Eyes unclouded

princess_mononoke_poster

In retrospect, Princess Mononoke arrived at a culturally inauspicious time.  By 1997, the slew of epic fantasy films that followed in Star Wars’ wake had been relegated to the domain of lowbrow, B-movie cheese; it would still be a few years before Peter Jackson’s Lord of the Rings adaptations would raise the genre to a level of cultural cache on par with the sword-and-sandles epics of the mid twentieth century.

While Mononoke, Hayao Miyazaki’s seventh film, is far removed from the world of sword and sorcery, it is indeed a fantasy epic that tackles the Hero’s Journey schtick that Star Wars popularized. And it approaches those themes with a level of artistic and moral ambition unique among the popcorn blockbusters of the 90s. Mononoke, more than any other film in Miyazaki’s oeuvre, feels like a self-conscious Important Film. We are supposed to leave the theater not just feeling entertained, but also enlightened.

And it is for the most part successful – indeed, it’s a very beautiful film. But the weight of its gravitas is heavy, and I find myself missing the charm, whimsy and humor that other Miyazaki films are so abundant in.

The film is set during a war torn period of Japan’s history (my knowledge of said history is too spotty to pinpoint exactly when from internal evidence, but Wikipedia informs me that it is the late Muromachi period), and centers around prince Ashitaka of the secluded Emishi tribe. When a boar demon attacks his village, Ashitaka finds himself placed under a curse that will ultimately prove fatal. He sets out on a journey to find the cause of the demon’s hatred in the hopes that it reveal a means of lifting the curse. This takes him to Lady Eboshi’s ironworks, an industrial settlement at war with the gods of a nearby forest (all lead by a regal, otherworldly deer god) and the local samurai. Among the forest-dwelling wolf tribe is San, an orphaned human (and the titular princess) raised by the wolves with a fierce desire for vengeance against Lady Eboshi. Ashitaka naturally gets sucked into this conflict, and most of the plot tracks his attempts to pacify all sides.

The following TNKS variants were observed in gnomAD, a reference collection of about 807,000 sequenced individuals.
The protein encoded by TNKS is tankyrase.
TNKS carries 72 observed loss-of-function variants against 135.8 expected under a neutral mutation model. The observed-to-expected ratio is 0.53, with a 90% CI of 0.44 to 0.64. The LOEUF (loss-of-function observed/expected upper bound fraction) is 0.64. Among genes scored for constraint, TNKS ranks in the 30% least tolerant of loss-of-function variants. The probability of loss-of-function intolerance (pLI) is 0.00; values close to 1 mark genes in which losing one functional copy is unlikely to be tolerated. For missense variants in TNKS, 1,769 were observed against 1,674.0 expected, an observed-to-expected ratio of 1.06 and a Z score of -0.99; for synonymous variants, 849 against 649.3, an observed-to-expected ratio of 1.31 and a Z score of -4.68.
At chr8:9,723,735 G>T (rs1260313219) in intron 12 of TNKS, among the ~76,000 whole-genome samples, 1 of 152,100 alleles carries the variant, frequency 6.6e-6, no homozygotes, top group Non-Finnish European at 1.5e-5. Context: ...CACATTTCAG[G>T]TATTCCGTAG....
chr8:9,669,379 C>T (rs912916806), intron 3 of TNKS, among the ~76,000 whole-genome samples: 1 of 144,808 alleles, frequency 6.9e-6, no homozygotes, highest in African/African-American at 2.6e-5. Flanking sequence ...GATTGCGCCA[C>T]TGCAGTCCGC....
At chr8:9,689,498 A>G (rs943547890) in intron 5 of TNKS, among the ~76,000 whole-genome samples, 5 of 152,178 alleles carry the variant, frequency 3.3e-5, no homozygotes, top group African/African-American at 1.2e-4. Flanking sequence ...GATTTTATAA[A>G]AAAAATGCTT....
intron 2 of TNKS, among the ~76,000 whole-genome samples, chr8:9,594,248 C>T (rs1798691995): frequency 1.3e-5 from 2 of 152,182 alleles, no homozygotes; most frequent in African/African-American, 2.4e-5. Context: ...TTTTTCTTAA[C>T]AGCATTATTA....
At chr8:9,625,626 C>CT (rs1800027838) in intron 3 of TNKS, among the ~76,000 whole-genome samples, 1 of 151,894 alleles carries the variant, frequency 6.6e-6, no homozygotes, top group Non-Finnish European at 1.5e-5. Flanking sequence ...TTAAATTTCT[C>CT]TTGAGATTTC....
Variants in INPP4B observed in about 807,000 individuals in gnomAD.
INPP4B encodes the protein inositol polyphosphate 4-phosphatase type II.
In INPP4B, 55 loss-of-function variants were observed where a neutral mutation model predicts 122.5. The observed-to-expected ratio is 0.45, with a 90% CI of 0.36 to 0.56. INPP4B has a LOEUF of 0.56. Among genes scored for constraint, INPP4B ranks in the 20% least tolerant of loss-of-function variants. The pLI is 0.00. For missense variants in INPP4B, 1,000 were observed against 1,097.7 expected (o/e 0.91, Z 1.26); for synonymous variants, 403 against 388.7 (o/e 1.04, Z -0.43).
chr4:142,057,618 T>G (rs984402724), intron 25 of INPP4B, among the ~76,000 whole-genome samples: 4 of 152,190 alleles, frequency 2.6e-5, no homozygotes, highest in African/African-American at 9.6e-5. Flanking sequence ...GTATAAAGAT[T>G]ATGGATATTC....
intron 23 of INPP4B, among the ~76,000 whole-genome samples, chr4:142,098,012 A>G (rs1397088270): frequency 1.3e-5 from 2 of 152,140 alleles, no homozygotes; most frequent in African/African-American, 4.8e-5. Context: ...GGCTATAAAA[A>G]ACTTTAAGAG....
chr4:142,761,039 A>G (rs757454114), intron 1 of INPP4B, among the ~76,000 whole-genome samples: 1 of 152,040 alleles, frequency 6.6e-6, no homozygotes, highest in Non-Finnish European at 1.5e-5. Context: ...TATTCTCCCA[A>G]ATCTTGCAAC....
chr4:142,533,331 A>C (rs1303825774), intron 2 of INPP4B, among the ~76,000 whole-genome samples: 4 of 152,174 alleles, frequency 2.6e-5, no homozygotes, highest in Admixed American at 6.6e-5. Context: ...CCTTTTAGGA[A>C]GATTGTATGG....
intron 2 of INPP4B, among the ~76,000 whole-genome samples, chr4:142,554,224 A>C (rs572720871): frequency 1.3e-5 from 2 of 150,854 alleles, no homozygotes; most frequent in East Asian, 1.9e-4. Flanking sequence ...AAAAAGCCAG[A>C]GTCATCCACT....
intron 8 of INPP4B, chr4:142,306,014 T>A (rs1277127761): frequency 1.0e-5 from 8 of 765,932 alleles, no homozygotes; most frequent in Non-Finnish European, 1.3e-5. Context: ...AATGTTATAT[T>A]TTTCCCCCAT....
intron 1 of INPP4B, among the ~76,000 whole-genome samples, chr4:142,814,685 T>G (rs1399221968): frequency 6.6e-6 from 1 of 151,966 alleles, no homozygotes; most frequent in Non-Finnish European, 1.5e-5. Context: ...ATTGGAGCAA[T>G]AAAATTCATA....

Anyone familiar with Miyazaki’s environmental concerns (and, really, with most animated films of the 90s) would easily assume that our sympathies are supposed to lie with the forest critters, with Lady Eboshi emerging as the ignorant, unrepentant villainess. But Mononoke lacks any clear antagonist. Miyazaki goes out of his way to establish Lady Eboshi as a charitable woman who frees prostitutes from brothels and puts them to honest work, and who loves and accepts lepers that no one else will take in. She is a ruler concerned primarily with the welfare of her subjects. But that, combined with her irreverence and her ruthless expansionism brings her into conflict with the forest. Meanwhile San and the forest gods, although wronged in many ways, have a vicious, vengeful streak that only accelerates the conflict.